Snow days may be history
It was only a matter of time, I suppose. The technology-driven remote-learning capabilities that settled in during the pandemic now threaten to take away one of the most prized of student “holidays” — the snow day.
In Minnesota, St. Paul Public Schools already have made the decision to use “E-Learning days” instead of snow days, according to the Star-Tribune. Those poor St. Paul students will have to turn on their laptops and it’s class as usual. Not even a good, old-fashioned Minnesota blizzard will stop kids from learning.
Other school districts in the northern states no doubt will follow suit, especially because it can be difficult for schools to make up snow days before the end of the school year. Yes, the handwriting is on the wall, which I realize is now an archaic saying since cursive handwriting is on its way to becoming obsolete.
Even locally, we’ve seen evidence that virtual classroom instruction is here to stay. Flathead High School recently moved to remote instruction while the school hosted the Class AA state boys wrestling tournament.
The thought of kids not knowing the pleasure of a snow day makes me sad. I remember the delight of a day with no agenda, no homework, no obligations, and I remember how my own kids savored those days. Generations of students have burst into complete giddiness when hearing their school had called a snow day.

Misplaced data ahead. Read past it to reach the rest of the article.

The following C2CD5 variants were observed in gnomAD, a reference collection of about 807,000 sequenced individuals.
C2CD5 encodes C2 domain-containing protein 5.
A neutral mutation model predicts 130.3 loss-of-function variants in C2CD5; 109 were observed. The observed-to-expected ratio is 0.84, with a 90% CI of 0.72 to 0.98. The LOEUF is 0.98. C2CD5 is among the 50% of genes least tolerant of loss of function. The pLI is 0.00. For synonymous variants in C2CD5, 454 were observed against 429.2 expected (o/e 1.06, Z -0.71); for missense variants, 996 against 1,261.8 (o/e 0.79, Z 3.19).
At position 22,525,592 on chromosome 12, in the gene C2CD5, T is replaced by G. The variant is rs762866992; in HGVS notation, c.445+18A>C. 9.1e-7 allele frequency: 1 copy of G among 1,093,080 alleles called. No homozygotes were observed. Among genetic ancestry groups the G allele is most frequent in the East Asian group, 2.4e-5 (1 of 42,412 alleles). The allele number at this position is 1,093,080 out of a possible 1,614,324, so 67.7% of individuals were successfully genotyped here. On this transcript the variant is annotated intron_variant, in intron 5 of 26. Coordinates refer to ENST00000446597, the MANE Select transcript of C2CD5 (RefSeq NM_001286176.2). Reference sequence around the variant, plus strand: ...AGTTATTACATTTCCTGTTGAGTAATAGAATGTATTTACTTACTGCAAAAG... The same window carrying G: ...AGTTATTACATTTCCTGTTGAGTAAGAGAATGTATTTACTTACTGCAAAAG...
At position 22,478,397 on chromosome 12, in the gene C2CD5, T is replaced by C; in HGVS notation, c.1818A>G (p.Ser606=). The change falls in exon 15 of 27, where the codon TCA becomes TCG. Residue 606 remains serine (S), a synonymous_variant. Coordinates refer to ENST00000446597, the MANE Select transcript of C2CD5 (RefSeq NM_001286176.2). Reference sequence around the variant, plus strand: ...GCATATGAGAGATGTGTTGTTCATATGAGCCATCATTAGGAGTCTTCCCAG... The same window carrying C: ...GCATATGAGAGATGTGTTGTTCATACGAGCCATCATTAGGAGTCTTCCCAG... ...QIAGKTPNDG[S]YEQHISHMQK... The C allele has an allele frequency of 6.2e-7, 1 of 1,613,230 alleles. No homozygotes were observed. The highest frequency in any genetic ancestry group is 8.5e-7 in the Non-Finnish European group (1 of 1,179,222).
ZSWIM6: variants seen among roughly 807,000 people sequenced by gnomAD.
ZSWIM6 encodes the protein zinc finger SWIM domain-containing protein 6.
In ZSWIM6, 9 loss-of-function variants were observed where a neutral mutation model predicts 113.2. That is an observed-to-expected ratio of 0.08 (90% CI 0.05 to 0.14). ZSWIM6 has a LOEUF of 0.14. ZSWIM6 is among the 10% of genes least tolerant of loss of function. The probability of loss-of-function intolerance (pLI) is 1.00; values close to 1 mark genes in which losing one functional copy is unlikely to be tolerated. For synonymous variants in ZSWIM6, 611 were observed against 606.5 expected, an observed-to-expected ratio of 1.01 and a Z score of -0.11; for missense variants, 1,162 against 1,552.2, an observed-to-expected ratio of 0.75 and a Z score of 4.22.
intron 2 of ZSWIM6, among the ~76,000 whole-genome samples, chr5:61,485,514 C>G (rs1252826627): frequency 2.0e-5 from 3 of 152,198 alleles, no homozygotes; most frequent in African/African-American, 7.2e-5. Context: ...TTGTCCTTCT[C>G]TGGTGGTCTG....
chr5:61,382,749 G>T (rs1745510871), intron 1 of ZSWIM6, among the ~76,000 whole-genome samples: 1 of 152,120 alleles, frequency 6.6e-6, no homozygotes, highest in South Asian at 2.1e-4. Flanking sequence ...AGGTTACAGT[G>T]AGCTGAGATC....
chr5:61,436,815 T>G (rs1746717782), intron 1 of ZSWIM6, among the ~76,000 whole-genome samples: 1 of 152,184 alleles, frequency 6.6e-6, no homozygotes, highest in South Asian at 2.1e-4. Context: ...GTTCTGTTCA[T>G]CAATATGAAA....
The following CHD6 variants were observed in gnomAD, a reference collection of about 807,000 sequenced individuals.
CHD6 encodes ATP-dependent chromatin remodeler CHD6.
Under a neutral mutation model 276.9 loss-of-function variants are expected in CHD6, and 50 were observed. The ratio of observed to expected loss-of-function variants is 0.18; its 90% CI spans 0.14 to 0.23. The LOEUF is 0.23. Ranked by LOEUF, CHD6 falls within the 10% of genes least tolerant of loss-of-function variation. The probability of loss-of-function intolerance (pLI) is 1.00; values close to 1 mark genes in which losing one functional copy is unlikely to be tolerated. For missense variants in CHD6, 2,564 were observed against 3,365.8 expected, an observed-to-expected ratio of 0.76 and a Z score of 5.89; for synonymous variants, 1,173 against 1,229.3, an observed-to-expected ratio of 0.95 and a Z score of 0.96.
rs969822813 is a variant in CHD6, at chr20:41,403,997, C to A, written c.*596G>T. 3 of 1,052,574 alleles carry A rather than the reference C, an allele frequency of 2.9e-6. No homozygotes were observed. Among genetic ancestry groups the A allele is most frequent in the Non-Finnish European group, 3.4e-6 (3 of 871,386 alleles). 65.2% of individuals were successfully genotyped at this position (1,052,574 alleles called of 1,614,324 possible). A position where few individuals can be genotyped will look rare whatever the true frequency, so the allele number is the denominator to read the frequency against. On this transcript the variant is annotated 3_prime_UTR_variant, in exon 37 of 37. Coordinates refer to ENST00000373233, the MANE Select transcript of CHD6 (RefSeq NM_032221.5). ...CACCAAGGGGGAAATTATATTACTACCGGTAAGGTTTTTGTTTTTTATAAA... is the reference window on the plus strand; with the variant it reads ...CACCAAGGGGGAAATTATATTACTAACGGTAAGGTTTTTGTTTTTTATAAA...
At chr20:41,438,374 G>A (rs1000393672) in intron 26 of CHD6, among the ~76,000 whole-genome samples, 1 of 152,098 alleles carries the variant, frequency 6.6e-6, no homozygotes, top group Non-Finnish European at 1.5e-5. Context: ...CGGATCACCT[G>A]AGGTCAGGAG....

Snow days were commonplace in northern Minnesota where I grew up on a dairy farm. Recent news articles have taken note of the anniversary of the March 2-5, 1966 blizzard that dropped more than 50 inches of snow in places and took the lives of 14 people who perished in the storm. I remember that blizzard. We didn’t have school much of that week, and a three-day game of Monopoly occupied most of our time. The visibility was so bad Dad barely made it back and forth to the barn to milk the cows.
Snowstorms could come up quickly in that region, and because of that every farm family had to designate a town family to shelter their kids, should a blizzard prevent the school buses from delivering the rural children. That happened only once during my school years. I was in the second grade, my older brother in fourth grade when the buses barely made it through the drifts to our designated town family. Because about 80% of the students lived in the country, those few city folks wound up with a bunch of kids.
By the time we got to Bob and Donna Solum’s house, I trudged through thigh-high drifts. Their house was crawling with kids, and Donna did what any self-respecting Minnesota housewife would do: she made mountains of macaroni-hamburger hotdish and bowls of strawberry Jell-O to feed her newly acquired tribe. We stayed overnight, and I can’t recall if we all eventually went back to school or if the buses took us home.
As the inevitable death knell tolls for our beloved snow days, I treasure the memories of those stolen days and extra helpings of family time they gave us.
News Editor Lynnette Hintze may be reached at 758-4421 or email@example.com